Firebombed GOP office in N. Carolina goes back to work, Utah Republicans receive threats

North Carolina Governor Pat McCrory views the damage caused in a firebomb attack on local offices of the North Carolina Republican Party in Hillsborough, North Carolina, U.S. October 17, 2016. © Chris Keane
Even as local, state and federal investigators gather evidence in the firebombing of the Orange County Republican Party headquarters and graffiti of a nearby business in North Carolina, the office has reopened. Other GOP offices are now receiving threats.

The building was firebombed with a bottle filled with a flammable substance that was thrown through a window sometime between midnight and 8:54am local time, when a 911 call was made reporting the damage. The phrase “Nazi Republicans leave town or else” was spray painted on a neighboring business as well, the Hillsborough Police Department said.

“We are taking this incident very seriously and have significant resources at the local, state and federal level committed to this investigation,” Hillsborough Police Chief Duane Hampton said in a statement. “We continue to ask for anyone with any information to come forward.”

Although the Hillsborough PD released audio of the 911 call with “some redaction and obfuscation to protect the individual reporting,” the caller, Bobbie Sparrow, who owns Balloons Above Orange, has spoken with the media. The graffiti was on the side of her shop.

"I saw the hate in it. And the only reason they used the side of my building, because it was a blank canvas for a message to the Republican Party people," she told the Associated Press. "I said 'this is a hate crime,' and I picked up my cell phone and called 911 and told them someone needed to get here immediately."

Sparrow noticed the damage when she went to feed her “foster kitties” before church on Sunday, she told the 911 dispatcher.

“They threw some sort of firebomb through the window because it’s smoked up onto the porch and all around the window frame,” she said in the call. “And I walked close and didn’t go any further, but I can smell smoke, so obviously it went out on its own or didn’t work well. And it is some sort of incendiary device.”

On Monday, morning, Evelyn Poole-Kober, a retired federal government employee and the vice chairwoman of the Orange County Republican Party, entered the building to survey the damage, the New York Times reported. The floor was covered with glass; plastic yard signs for the GOP presidential ticket and for down-ticket Republicans had melted together; and only the frame of a couch remained.

“In my heart, it’s an evil crime,” she said. “It’s no vandalism. Vandalism is if they would have come out and removed our signs. But to throw a firebomb through this building window is evil, and that’s in my heart. I think it was a political terrorism, I do.”

Poole-Kober; Daniel Ashley, the chairman of the local Republican Party; and some volunteers set up shop outside the burned building on Monday and got back to work as uniformed police officers and plainclothes investigators looked on.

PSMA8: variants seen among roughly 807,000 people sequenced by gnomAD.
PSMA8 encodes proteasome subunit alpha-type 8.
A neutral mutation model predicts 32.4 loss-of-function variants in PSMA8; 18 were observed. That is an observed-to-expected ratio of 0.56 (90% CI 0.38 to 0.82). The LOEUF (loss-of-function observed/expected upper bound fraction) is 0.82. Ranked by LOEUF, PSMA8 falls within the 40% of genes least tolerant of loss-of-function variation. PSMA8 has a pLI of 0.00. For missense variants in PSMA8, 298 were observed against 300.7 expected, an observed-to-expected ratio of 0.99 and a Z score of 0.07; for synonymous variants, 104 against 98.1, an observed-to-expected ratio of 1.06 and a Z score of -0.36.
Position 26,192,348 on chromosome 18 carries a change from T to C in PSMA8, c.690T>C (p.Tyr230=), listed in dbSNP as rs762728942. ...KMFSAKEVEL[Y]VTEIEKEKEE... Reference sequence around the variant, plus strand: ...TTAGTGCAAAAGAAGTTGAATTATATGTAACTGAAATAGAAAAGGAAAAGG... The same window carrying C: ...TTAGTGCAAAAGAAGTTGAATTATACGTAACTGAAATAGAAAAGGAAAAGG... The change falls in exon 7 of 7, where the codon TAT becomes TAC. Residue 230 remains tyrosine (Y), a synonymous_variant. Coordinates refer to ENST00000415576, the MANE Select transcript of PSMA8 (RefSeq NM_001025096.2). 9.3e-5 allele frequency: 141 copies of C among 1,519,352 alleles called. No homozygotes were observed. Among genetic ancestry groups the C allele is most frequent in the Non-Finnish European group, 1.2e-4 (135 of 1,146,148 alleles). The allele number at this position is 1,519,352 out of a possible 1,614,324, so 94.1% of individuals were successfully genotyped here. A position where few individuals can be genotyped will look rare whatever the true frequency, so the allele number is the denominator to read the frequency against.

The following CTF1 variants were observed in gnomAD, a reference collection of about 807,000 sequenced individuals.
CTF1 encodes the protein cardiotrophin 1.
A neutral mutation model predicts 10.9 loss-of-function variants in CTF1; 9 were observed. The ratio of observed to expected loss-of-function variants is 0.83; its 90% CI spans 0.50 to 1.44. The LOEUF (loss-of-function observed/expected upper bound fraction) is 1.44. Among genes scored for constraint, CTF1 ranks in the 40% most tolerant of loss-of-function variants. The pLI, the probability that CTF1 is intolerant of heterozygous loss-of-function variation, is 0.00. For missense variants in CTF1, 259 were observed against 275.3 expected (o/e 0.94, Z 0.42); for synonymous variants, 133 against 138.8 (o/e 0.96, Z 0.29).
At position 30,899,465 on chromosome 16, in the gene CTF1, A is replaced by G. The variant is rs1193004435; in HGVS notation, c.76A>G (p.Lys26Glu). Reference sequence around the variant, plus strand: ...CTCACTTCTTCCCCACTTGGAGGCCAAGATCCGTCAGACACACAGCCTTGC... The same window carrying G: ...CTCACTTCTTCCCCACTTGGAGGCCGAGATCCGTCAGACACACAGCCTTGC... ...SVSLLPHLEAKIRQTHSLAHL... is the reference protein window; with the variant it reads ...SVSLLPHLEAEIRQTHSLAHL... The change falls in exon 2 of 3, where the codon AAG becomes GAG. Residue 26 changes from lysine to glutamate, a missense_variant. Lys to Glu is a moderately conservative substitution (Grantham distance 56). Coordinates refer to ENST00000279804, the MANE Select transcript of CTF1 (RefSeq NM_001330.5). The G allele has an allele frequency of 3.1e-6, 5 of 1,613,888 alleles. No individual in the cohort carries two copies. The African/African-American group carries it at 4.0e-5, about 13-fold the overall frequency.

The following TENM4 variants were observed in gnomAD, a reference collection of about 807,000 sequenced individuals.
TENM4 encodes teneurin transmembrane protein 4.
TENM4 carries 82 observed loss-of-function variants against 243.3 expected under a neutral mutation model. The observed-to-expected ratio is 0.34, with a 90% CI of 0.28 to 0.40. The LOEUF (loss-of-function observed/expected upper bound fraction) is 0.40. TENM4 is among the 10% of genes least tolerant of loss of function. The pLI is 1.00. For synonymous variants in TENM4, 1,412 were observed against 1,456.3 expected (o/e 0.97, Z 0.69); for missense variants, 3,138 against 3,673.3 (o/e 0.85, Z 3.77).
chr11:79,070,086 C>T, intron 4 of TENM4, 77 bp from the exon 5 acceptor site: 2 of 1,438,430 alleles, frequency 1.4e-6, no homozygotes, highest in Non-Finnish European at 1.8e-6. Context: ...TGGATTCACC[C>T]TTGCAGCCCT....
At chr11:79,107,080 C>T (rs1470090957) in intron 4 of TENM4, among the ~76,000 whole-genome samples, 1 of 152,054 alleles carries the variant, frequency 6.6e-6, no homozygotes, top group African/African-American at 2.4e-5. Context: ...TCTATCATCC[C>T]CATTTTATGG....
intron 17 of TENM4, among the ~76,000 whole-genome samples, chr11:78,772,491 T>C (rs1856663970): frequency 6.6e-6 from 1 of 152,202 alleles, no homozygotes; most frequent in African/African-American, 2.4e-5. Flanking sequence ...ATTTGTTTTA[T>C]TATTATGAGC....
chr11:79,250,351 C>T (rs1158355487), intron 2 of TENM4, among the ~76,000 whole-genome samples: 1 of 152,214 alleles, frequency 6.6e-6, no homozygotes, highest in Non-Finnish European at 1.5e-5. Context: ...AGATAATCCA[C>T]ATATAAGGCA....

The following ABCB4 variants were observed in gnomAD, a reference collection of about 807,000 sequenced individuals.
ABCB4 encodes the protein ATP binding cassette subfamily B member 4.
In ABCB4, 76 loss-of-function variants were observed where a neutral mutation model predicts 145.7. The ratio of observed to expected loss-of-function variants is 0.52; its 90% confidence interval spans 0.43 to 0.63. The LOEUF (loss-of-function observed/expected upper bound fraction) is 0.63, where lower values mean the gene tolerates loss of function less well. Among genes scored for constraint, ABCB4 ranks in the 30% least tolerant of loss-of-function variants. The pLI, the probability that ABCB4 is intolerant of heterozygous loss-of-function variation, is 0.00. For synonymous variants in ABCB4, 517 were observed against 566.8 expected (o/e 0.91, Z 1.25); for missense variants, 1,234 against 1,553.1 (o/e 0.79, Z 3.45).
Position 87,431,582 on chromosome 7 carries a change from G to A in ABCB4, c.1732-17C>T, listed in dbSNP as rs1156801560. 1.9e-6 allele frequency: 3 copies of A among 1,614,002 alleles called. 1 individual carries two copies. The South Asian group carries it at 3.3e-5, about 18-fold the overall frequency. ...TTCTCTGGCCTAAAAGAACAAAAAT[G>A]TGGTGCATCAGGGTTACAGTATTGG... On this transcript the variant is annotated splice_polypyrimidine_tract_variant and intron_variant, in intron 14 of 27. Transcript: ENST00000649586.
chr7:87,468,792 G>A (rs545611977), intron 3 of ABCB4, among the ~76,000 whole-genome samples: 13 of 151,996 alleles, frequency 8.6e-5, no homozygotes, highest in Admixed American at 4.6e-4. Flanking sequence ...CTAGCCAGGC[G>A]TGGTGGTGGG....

Republican presidential nominee Donald Trump blamed the attack on “animals representing Hillary Clinton and Dems in North Carolina… because we are winning!”

Democrats, however, banded together to raise more than $13,000 from 545 people in less than 40 minutes on GoFundMe so that the office could be reopened.

“As Democrats, we are starting this campaign to enable the Orange County, North Carolina Republican office to re-open as soon as possible,” David Weinberger, a liberal commentator and author, wrote on the fundraising page. “Until an investigation is undertaken, we cannot know who did this or why. No matter the result, this is not how Americans resolve their differences. We talk, we argue, sometimes we march, and most of all we vote. We do not resort to violence by individuals or by mobs.”

The idea began with a tweet from Zeynep Tufekci, an associate professor at the University of North Carolina. She called on the Clinton campaign to offer up one of its offices to the Orange County Republican Party. Her tweet was then passed on to Weinberger.

"It's a great gesture. We appreciate it a lot, but I don't know how much of that we're going to get to use because of the campaign laws," Ashley told AP of the GoFundMe campaign.

Republican offices throughout the state are taking another look at their security, state GOP executive director Dallas Woodhouse said. Extra security measures could be necessary as Trump and vice presidential nominee Mike Pence are both “strongly considering” visiting the firebombed office, Kevin Cirilli tweeted. Pence’s visit could come as early as Tuesday.

Extra security could be needed at GOP offices outside of North Carolina, too. On Monday, Utah Republican Party Chairman James Evans said that party staff were dispersed to various locations after a “specific death threat” was made against him, the Deseret News reported.

The Hillsborough PD is working with the FBI; the Bureau of Alcohol, Tobacco, Firearms and Explosives (ATF); the State Bureau of Investigation; and the Orange County Sheriff’s Office on the investigation, with support from the US Secret Service.

“I’m appreciative of our law enforcement expertise and cooperation across agencies to uncover who is behind this reprehensible act,” Hillsborough Mayor Tom Stevens said. “Especially given the national attention we are receiving, I’m extremely appreciative for everybody who is using this as an opportunity to pull our community together, rather than promote division.”